How to Appreciate: Eric Rohmer
(In the first of an ongoing series of dogmatic featurettes, Cinema Underground offers some unique strategies and suggestions to help you toss off the chains of your accursed learning, and start recognizing the true greatness of some REALLY great artists! Get appreciating!)
Eric Rohmer. People are not so crazy about him. What a shame. I rank him easily among the highest tier of directors, just a hair behind the Supreme Masters of Film (TM).
But I understand that people don’t get him.
Oh they LIKE him just fine. His tasteful, mannered films are just the sort of thing that smart people bring up at parties or on their blogs to flout their own sophistication or to vet others for their respective taste, or lack thereof. There’s always plenty of beautiful women and rustic scenery in his films. And plenty of talk.
Those who dismiss Rohmer do so on the grounds of this talk, asserting that his films are little more than pretty lectures. He even named his most famous film cycles “Moral Tales” and “Comedies and Proverbs.” How pedantic! Indeed, all that dialogue about meanings, morals and feeling in a Rohmer film could make for a miserably cerebral experience… if you let it.
Instead, I’d like to offer three tips that should help provide insight into his particular genius:
1. Don’t get caught up in the dialogue!
Rohmer’s characters recite some of the smartest, wittiest dialogue in cinema. Whether debating the merits of vegetarianism or meekly blurting forth a confession of love, his characters revel in the joust of words and the interplay of ideas.
But as in Shakespeare and Chekov, Rohmer’s characters so often use words to dress, disguise and dissemble. They are works in process, working their selves out through words. Most, like Delphine from Rayon Vert, only ever partially know themselves and Rohmer generously reveals his profound truths through a lavish attention to appearance, idiosyncrasies and non-verbal behaviors.
We learn something about what his characters think by what they say; but we inevitably learn more by what they DON’T say and instead must live. What else is My Night at Maud’s but a weak man’s attempt to rationalize himself out of one relationship with a woman who’s all wrong…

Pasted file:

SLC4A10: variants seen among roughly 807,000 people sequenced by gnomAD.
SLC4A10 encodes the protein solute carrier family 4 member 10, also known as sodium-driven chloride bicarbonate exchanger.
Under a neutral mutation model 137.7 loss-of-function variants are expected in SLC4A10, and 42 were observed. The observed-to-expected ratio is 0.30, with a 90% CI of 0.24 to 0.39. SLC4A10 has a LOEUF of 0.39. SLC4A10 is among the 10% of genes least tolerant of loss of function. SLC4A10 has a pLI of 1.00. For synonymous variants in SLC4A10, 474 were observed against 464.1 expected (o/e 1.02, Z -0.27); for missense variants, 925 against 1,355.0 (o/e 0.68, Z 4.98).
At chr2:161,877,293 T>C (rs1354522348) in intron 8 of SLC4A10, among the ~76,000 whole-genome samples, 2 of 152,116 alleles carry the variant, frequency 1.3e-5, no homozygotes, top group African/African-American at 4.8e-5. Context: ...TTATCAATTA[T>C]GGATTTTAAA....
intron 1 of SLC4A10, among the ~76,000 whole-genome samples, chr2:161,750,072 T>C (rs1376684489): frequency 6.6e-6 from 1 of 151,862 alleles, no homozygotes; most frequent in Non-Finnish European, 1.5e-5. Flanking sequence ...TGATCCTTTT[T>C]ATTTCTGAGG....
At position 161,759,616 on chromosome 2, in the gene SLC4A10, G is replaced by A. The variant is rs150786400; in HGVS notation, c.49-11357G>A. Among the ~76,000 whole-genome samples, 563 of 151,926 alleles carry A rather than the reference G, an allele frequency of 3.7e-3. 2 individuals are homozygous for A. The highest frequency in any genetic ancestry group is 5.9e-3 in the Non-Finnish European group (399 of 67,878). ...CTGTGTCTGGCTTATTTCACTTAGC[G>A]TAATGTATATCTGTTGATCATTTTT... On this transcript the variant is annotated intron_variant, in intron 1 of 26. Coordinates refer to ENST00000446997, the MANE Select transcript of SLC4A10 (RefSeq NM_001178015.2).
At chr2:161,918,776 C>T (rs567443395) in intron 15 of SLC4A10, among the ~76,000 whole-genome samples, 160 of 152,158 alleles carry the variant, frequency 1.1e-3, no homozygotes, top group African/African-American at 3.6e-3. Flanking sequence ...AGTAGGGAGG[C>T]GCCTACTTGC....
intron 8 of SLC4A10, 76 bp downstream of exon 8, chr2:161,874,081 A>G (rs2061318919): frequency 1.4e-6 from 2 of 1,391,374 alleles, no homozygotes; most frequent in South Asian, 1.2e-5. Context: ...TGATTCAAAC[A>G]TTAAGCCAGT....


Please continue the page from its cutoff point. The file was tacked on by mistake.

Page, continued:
…into another one with the woman of his prayers? (The fool!!)
2. Take a French approach to beauty!
To truly enjoy a Rohmer film, just channel your inner Gaul! Unleash your “joie de vivre.” Affect a certain “je ne sais quoi.” But most of all, cultivate a refined aesthetic and intellectual appreciation for the subjects, themes and rituals of French life, such as…
…the capricious aristocracy of beautiful young men and women
…the holy communion of public discourse and intellectual debate
…the sophisticated cathedral of Parisian culture, but also the rustic parish of provincial life
…and the consecration of certain elegant, timeless, aesthetic forms.
Like his compatriots, Rohmer is no mere hedonist in his deep reverence for the myriad facades of beauty. His lush landscapes and cultured modern interiors are more than just pretty backgrounds; his actors are not attractive so as to be merely admired. Rohmer is both keenly aware of and yet seemingly indifferent to beauty–so rarely does he stoop to embellish. The use of natural light is perhaps his only signature flourish; yet each frame, each word and each moment is virtually suffused with the brilliance of his pleasing artifice.
It is almost as if, through this constant exposure, Rohmer wishes to both awaken and inure us to the power of beauty in the everyday. If his characters are sometimes compelled, perplexed or restored by this beauty, perhaps Rohmer still dreams that the viewer can yet attain a kind of elevated connoisseurship–both sensual and intellectual–capable of raising the experience of the mundane into the realm of the spiritual.
3. Embrace the comic resolution!
For all their urbane attractions, sometimes the endings of Rohmer films can feel inexplicably glib (My Night with Maud, Love in the Afternoon), artificial (The Tree, the Mayor and the Mediatheque) or even absurd (Claire’s Knee); his plots often hinge on chance (A Tale of Winter), coincidence (Rendez-Vous in Paris) or a kind of light-handed manipulation (A Summer’s Tale); and certainly there is a farcical element to the ever-revolving mixups and misunderstandings of his lovestruck protagonists (Full Moon in Paris, My Girlfriend’s Boyfriend) that makes the films themselves seem… almost frivolous.
But look closely and you will see that Rohmer is simply operating in the rarefied register of Classical comedy, heir to the rich tradition of Aristophanes, Shakespeare and Moliere. His narratives serve the profound comic function of social tonic and spiritual restorative. The song that ends The Tree, the Mayor and the Mediatheque, for example, and the device of the two daughters conspiring to create harmony out of political discord does not negate or absolve the measured scrutiny that Rohmer gives all sides of his provincial fable; rather, it simply elevates the viewer to a position where she may transcend the didactic illusion of a fragmented world.
The heavy hand of Fate is thus, not merely a writer’s convenient loophole, but the suggestion, the hope and the possibility of the existence of magic in our everyday lives. Like Hermione animating to life at the end of Shakespeare’s A Winter’s Tale, Rohmer’s unlikely endings can be seen as the apotheosis of the same generous, witty, humane holy spirit that animates all of his lovely creatures.
Truly, Rohmer’s wind bloweth where it listeth…